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22590794 the Use of RFID for Human Identification a DRAFT REPORT From DHS Emerging Applications and Technology Subcommittee

22590794 the Use of RFID for Human Identification a DRAFT REPORT From DHS Emerging Applications and Technology Subcommittee

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The Use of RFID for Human Identification
A DRAFT REPORT from DHS Emerging Applications and Technology Subcommittee
to the Full Data Privacy and Integrity Advisory CommitteeVersion 1.0This report has not been considered or approved by the Full Data Privacy and Integrity AdvisoryCommittee and has not yet been provided to the Secretary or the Chief Privacy Officer of the Departmentof Homeland Security as a formal recommendation.2 of 15
I. Introduction
The purposes of this paper are to: (1) address the use of Radio Frequency Identificationtechnology (RFID) by the Department of Homeland Security (DHS) to identify and track individuals; (2) outline the potential data privacy and integrity issues implicated by thisuse of RFID technology; (3) offer guidance to the Secretary of DHS, program managers,and the DHS Privacy Office on deciding whether to deploy RFID technology to track individuals; and (4) offer steps to consider in order to mitigate privacy and data integrityrisks when planning to use RFID to identify and track individuals.
II. Executive Summary
Automatic identification technologies
1
like RFID have valuable uses, especially inconnection with tracking things for purposes such as inventory management. RFID isparticularly useful where it can be embedded within an object, such as a shippingcontainer.There appear to be specific, narrowly defined situations in which RFID is appropriate forhuman identification. Miners or firefighters might be appropriately identified usingRFID because speed of identification is at a premium in dangerous situations and theneed to verify the connection between a card and bearer is low.But for other applications related to human beings, RFID appears to offer little benefitwhen compared to the consequences it brings for privacy and data integrity. Instead, itincreases risks to personal privacy and security, with no commensurate benefit forperformance or national security. Most difficult and troubling is the situation in whichRFID is ostensibly used for tracking objects (medicine containers, for example), but canbe in fact used for monitoring human behavior. These types of uses are still beingexplored and remain difficult to predict.For these reasons, we recommend that RFID be disfavored for identifying and trackinghuman beings. When DHS does choose to use RFID to identify and track individuals, werecommend the implementation of the specific security and privacy safeguards describedherein.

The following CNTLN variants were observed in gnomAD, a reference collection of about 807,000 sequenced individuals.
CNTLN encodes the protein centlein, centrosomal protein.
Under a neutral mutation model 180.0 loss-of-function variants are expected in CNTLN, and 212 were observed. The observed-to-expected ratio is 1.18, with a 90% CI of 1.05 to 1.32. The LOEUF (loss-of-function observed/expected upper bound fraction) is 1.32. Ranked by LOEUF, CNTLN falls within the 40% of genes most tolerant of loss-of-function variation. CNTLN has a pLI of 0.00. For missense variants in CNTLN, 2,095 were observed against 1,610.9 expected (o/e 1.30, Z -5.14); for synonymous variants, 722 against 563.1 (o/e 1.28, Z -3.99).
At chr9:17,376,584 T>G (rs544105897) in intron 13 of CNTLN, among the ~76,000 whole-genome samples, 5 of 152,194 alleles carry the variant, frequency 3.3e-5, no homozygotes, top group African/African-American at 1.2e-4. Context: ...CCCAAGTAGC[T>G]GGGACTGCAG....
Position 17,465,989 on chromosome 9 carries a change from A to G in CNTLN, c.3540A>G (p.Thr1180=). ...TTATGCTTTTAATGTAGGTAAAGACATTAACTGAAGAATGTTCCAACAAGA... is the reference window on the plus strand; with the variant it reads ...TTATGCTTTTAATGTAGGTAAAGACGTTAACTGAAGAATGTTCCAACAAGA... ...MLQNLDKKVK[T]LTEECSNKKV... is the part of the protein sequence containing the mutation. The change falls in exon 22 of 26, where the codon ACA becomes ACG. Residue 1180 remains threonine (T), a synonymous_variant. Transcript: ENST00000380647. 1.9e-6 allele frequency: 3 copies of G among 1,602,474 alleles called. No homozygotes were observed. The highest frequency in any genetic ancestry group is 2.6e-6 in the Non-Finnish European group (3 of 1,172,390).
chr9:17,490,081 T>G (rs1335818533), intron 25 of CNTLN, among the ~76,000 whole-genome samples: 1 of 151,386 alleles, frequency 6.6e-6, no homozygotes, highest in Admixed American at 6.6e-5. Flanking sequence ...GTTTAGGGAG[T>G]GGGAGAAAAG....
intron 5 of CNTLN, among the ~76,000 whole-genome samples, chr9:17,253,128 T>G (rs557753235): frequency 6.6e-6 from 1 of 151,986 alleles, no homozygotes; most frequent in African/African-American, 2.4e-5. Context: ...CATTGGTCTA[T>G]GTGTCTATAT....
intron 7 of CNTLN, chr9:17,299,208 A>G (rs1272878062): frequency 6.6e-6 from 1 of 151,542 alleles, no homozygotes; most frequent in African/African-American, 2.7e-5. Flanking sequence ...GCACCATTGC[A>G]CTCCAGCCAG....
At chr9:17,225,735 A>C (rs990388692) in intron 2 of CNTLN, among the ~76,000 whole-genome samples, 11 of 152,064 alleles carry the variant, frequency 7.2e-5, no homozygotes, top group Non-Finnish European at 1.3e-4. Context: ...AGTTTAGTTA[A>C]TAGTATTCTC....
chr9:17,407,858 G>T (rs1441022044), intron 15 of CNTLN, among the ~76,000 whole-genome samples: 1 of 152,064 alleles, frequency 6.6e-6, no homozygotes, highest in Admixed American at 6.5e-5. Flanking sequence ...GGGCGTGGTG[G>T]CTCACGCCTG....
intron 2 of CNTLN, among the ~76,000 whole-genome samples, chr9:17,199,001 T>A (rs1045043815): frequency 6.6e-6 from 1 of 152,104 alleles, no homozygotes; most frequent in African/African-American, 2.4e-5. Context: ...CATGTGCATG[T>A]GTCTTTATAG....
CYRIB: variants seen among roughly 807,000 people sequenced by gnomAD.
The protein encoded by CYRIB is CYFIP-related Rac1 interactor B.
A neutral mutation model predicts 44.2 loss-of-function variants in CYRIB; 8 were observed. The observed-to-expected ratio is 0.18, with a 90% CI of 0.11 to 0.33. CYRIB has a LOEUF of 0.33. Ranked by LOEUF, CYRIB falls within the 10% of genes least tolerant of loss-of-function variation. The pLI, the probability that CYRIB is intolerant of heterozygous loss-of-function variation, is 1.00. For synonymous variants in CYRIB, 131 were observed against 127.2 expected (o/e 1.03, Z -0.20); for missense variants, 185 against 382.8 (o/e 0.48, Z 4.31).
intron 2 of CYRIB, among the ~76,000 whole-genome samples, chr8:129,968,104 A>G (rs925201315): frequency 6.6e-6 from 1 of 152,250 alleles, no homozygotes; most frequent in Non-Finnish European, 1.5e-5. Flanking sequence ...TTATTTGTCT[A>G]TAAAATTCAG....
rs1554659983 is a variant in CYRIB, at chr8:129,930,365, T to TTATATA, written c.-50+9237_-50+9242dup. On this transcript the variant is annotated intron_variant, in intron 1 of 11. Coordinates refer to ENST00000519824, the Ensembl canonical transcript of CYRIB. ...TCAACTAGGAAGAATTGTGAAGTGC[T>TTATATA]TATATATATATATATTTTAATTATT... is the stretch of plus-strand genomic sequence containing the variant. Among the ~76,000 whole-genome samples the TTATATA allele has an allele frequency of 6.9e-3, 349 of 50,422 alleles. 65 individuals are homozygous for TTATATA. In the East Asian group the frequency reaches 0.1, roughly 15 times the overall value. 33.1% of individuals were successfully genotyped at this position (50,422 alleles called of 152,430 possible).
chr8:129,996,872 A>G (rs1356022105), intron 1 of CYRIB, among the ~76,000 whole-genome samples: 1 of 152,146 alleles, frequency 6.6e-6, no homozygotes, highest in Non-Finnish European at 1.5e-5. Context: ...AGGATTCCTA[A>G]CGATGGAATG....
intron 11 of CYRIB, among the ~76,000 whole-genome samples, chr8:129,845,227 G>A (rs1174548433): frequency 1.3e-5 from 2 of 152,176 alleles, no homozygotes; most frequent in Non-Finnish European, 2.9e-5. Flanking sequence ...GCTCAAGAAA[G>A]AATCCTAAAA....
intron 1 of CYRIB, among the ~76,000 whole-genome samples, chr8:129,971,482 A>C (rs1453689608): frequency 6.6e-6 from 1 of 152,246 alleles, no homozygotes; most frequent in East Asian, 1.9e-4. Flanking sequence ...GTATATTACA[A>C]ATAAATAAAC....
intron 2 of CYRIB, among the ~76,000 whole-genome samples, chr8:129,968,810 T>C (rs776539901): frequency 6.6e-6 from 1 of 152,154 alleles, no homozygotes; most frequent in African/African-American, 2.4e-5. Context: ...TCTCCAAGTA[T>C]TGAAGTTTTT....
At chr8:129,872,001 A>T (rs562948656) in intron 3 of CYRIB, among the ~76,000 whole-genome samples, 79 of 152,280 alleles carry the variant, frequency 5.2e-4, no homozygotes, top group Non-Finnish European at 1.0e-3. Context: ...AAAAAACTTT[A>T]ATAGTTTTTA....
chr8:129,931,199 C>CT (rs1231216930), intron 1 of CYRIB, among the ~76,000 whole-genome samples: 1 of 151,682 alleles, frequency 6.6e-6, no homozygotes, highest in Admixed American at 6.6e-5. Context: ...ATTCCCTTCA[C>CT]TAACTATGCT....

1
“Automatic identification technology” (AIT) is used here to refer to means of identifying things orindividuals, collecting data about them, and automatically causing that data to be entered into a computersystem, with no human interaction. Examples of AIT’s include bar codes, optical character recognition,RFID, biometrics, magnetic stripes, smart cards, and voice recognition.
See
 http://en.wikipedia.org/wiki/Automated_identification_and_data_capture. See also RFID:
 
A
PPLICATIONS
,
 
S
ECURITY
,
AND
P
RIVACY
(Simson Garfinkel and Beth Rosenberg, Editors) (2006) at 4.
 
The Use of RFID for Human Identification
A DRAFT REPORT from DHS Emerging Applications and Technology Subcommittee
to the Full Data Privacy and Integrity Advisory CommitteeVersion 1.0This report has not been considered or approved by the Full Data Privacy and Integrity AdvisoryCommittee and has not yet been provided to the Secretary or the Chief Privacy Officer of the Departmentof Homeland Security as a formal recommendation.3 of 15
III. Background
RFID is a leading automatic identification technology. RFID tags communicateinformation by radio wave through antennae on small computer chips attached to objectsso that such objects may be identified, located, and tracked. The fundamentalarchitecture of RFID technology involves a tag, a reader (or scanning device), and adatabase. A reader scans the tag (or multiple tags simultaneously) and transmits theinformation on the tag(s) to a database, which stores the information.Transmitting identification data by radio rather than by manual transcription increases thequality, speed, and ease of that information transfer, which is the basis for thetechnology’s appeal. RFID tags can be installed on objects such as products, cases, andpallets. They can also be embedded in identification documents and even human tissue.Both the private and public sectors are increasingly using RFID to track materiel (such asfor inventory management), but RFID is also being considered and adopted by DHS andother government agencies for use in tracking people.While RFID can demonstrably add value to manufacturing, shipping, and object-relatedtracking, there is an impulse at this time to deploy it for purposes to which it is not wellsuited. RFID’s comparative low cost, invisibility, and ease of deployment in automatedtracking often make it appear more attractive than the alternatives. RFID may alsoaddress some logistical or efficiency problems in human identification and tracking, butsome current and contemplated uses of RFID for tracking people may be misguided.Attempts to improve speed and efficiency through using RFID to track individuals raiseimportant privacy and information security issues.This paper is not a tutorial on RFID technology itself.